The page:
NATO continues its military buildup in close vicinity to Russia: for the first time since the inception of the Ukrainian crisis, German Eurofighters are set to patrol the Baltic Airspace with full ammunition.
The NATO Baltic air-policing mission has been carried out by its member states since 2004, when Latvia, Estonia and Lithuania acceded to the military bloc.
In contrast with September – December 2014, the aircraft will carry enough ammo for a real fight: a gun, infrared short-range missiles, radar-guided medium-range missiles and an electronic defense system with decoys that are ejected at a threat.
Why did NATO decide to deploy fully armed military planes to the area? Commenting on the jets’ increased combat capabilities, German Air Force inspector Karl Müllner told Deutsche Presse Agentur:
“This is not a tool for escalation. It is just a tool to be on par [with a potential enemy]. And this is a tool to motivate the soldiers engaged in the activity [of air policing]”.
However, there is no need for a rocket scientist to read between the lines: NATO is unambiguously sending a belligerent signal to Russia. And it is another, albeit minor, step in expanding the alliance’s military presence in Eastern Europe. For years, NATO has been creeping towards Russia citing all kinds of phantom reasons: the Iran nuclear threat, Crimea’s referendum, the Ukrainian conflict etc.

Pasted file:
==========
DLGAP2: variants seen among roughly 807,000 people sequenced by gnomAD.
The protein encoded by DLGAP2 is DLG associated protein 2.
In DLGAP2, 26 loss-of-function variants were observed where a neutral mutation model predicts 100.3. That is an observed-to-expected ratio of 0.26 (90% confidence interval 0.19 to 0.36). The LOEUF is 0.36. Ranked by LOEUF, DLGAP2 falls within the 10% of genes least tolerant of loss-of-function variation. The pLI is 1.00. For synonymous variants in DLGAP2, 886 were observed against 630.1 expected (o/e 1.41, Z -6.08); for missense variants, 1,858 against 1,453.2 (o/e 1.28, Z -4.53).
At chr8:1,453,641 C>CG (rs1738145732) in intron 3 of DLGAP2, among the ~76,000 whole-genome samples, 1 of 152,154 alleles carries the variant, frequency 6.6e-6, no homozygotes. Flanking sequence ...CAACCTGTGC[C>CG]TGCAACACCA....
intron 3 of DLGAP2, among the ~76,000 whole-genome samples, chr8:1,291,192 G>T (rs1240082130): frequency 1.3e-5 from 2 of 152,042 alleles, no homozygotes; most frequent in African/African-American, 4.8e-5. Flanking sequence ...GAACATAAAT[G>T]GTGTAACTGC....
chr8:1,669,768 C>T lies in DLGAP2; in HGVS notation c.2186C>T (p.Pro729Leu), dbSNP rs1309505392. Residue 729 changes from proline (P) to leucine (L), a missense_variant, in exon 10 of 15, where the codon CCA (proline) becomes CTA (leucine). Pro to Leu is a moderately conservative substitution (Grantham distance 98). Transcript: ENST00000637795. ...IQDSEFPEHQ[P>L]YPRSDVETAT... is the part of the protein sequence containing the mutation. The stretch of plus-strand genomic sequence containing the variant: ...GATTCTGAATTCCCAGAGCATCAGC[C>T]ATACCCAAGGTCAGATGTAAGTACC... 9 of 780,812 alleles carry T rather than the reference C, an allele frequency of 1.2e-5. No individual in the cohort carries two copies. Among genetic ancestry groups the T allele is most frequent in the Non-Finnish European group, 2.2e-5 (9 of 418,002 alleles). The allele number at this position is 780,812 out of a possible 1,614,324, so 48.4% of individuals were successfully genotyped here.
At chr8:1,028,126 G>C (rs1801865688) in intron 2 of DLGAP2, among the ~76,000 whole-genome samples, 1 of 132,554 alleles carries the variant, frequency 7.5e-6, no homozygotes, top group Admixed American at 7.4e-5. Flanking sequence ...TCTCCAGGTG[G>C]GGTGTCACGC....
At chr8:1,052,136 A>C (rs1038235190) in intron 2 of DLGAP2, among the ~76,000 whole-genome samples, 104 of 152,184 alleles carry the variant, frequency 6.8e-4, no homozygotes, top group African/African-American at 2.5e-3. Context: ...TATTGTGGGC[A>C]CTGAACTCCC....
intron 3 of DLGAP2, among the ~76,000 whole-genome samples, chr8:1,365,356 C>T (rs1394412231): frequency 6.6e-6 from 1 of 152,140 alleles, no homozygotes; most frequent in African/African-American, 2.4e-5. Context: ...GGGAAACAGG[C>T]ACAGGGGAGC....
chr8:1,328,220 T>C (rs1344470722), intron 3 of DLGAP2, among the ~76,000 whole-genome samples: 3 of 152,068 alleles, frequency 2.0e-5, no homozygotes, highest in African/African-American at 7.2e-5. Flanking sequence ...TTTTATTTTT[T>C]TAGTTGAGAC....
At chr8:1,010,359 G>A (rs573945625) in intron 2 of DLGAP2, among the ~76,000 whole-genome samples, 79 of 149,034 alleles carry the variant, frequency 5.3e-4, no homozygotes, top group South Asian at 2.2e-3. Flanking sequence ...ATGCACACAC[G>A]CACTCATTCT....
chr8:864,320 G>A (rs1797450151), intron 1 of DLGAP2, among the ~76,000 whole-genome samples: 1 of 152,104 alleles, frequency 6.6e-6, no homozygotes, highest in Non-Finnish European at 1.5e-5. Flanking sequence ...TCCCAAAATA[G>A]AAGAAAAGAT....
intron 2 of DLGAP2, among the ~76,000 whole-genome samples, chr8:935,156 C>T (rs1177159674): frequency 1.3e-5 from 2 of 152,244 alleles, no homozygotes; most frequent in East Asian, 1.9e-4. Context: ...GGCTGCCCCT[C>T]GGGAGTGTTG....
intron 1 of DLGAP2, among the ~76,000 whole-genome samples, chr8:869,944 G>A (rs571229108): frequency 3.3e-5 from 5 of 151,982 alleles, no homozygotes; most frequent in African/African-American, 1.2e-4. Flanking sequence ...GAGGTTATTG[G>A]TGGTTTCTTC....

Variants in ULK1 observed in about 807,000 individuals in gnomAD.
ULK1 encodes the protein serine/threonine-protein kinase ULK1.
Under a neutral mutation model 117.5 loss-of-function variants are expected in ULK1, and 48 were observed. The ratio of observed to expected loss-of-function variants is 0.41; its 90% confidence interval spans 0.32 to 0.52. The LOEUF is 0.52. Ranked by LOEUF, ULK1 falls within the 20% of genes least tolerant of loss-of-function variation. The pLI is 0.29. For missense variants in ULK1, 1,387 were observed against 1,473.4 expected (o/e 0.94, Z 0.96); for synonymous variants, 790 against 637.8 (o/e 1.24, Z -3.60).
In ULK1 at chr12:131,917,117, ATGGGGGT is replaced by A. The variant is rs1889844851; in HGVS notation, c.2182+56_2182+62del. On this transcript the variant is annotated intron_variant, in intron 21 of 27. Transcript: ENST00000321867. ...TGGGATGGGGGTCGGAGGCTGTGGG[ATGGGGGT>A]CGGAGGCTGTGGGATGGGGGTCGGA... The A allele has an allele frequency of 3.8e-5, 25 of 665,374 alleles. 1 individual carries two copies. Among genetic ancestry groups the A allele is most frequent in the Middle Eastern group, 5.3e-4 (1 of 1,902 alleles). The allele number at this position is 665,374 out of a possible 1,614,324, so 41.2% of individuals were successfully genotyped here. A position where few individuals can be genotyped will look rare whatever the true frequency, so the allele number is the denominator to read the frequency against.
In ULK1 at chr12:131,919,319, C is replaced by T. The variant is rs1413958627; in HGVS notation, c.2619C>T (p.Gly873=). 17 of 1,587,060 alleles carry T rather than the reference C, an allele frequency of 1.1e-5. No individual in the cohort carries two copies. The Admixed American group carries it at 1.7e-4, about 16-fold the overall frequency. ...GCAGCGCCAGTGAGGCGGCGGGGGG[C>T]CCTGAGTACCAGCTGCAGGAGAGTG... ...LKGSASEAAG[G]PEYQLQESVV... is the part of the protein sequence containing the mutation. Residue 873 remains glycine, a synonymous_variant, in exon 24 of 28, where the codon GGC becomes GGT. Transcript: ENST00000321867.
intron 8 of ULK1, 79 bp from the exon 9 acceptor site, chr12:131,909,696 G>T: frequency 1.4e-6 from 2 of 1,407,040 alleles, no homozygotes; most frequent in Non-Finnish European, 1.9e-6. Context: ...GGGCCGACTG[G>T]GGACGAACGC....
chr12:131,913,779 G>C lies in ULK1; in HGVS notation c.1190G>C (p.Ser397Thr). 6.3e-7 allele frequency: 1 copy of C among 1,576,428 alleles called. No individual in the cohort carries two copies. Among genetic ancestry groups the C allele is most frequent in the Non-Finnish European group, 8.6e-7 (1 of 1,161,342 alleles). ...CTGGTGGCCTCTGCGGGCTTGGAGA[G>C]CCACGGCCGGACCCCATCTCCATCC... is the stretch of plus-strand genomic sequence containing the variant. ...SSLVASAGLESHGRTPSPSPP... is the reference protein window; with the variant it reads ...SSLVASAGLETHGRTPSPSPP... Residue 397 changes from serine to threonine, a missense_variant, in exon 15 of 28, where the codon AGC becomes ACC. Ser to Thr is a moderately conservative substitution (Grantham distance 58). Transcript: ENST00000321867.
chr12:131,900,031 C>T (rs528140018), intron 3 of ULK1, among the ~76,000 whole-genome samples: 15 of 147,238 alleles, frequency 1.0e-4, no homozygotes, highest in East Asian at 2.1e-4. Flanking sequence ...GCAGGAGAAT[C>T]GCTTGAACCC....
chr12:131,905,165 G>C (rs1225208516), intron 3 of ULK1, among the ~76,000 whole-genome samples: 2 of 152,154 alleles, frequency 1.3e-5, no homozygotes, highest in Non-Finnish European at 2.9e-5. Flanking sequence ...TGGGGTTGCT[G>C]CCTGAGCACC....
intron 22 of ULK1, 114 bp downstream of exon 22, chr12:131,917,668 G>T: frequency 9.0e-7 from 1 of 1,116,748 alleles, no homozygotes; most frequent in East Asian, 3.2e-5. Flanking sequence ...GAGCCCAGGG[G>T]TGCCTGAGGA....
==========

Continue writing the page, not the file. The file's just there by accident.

In addition to that, the three “vulnerable” Baltic States have been restlessly and hysterically exploiting the myth of an “evil Russia,” setting a convenient pretext for NATO to boost its military in the region.
Earlier in August, German journalists obtained a document that instructed the German Army to accumulate weapons, as “deterrence may become important again” in view of – guess what – the imaginary “Russian threat”, of course.
However, the Germans might be a little too late with their desire to show how committed they are to the idea of countering Russia. The Syrian crisis and a common enemy in the form of ISIL may bring Washington and Moscow together and help alleviate tensions – meaning Berlin will have to back down.
But the bloc’s long-term strategy is unlikely to change despite the promising Moscow-Washington thaw: the Ukrainian crisis, the latest meteorite crash, the extinction of the dinosaurs and other pretexts will still be used to accuse Russia of threatening the global security and stigmatize it as the arch enemy.
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